09-02-2012, 04:05 PM
  #7
Foal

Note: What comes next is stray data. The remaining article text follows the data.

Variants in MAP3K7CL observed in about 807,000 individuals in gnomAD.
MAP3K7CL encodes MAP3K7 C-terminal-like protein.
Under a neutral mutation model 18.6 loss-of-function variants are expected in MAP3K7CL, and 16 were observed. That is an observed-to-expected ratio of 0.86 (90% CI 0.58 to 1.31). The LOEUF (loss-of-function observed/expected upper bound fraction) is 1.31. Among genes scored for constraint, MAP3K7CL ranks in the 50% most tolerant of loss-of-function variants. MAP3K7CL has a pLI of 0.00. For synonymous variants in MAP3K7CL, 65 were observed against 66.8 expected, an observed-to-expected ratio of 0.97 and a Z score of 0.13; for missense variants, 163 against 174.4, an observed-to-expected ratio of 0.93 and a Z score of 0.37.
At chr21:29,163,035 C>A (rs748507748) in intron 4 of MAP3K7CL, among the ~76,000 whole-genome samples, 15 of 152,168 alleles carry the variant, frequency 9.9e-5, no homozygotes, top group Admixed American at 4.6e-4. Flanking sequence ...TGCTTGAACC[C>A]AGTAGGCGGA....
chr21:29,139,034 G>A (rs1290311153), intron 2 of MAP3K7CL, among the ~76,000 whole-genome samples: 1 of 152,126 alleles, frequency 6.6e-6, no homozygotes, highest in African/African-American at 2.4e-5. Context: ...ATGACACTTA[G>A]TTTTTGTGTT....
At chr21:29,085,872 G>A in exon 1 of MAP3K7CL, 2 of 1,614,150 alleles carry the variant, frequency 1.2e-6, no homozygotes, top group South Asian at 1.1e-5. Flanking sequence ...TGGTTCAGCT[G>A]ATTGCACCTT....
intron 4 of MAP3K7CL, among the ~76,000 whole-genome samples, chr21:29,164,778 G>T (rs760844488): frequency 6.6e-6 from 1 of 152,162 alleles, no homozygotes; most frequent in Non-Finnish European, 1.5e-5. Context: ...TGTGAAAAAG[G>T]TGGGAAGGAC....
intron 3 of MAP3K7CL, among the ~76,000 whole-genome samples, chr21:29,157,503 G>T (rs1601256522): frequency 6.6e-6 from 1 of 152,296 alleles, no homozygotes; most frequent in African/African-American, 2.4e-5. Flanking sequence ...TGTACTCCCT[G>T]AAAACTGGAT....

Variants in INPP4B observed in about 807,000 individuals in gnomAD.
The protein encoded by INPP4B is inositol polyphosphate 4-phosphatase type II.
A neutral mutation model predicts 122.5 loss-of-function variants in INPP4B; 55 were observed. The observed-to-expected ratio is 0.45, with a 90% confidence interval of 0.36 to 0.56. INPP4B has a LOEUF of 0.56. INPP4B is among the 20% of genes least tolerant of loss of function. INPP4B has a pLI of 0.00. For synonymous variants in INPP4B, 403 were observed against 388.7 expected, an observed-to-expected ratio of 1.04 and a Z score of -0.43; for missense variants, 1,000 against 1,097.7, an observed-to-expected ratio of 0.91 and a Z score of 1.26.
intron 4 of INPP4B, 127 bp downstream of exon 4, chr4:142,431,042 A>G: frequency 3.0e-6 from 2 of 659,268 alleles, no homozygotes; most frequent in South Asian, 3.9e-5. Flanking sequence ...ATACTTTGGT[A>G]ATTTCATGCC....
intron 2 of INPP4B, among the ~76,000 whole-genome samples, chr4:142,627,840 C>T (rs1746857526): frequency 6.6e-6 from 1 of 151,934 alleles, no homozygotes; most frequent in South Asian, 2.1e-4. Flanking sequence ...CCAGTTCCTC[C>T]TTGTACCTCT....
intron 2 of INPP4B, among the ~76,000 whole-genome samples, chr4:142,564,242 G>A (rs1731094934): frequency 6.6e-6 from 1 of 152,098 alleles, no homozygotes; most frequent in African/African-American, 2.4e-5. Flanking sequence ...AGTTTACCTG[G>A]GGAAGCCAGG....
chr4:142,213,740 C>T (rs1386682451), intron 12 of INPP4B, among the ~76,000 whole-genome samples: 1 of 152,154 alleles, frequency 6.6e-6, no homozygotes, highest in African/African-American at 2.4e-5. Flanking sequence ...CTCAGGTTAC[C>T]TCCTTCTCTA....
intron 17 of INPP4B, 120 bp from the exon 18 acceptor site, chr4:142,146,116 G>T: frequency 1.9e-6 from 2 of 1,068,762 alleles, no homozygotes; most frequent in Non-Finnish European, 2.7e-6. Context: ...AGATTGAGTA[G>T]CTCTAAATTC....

Thanks! I have been working with her and am happy to report that we are coming along nicely. Here is what I did: I started on the ground by walking her around and not letting her drop her head to eat. She did this beautifully too. No ground issues at all, very well mannered and I did not need to do anything more than lift the lead rope when she did try to drop her head and she responds immediately. I am back in the saddle and now working on that issue. She is one of those horses that no matter how much ground work you do with her, it will not affect when she is under saddle. I have a few horses I round pen due to the respect issue but with her she is perfect on the ground and a pain under saddle no matter how much time you spend on the ground. I am still riding her in a halter and cotton reins. When she drops her head I am able to pick it back up, she fights it but I always win. I wont let her drop her head at all but if she does get it down I can get it back up with just the halter and that is a big step cause before I couldnt pull her head back up. She just fought the halter and ignored me, but not anymore :) We have been walking back and forth near her favorite green grass spot and everytime she turns toward the grass I turn her the other direction. She has started to bolt on me when she sees food, thinking she can get away with it, so I simply stop her, make her stand for a second, and then turn her around and make her walk the opposite direction. She is getting so much better. I just had to keep doing what I was doing to teach her that she couldnt get away with it. She tries it with other riders on her so I am only letting experienced people on her. She is just that type of horse who will take advantage of you if you let her and she is so sweet and well mannered that its easy to forget how stubborn and determined she is. I can successfully sit in the saddle, have her stand right next to the grass, drop the reins and she will keep her head up. Next we are going to try just standing in the actual grass without her dropping her head. Wish me luck and thanks for the advice!!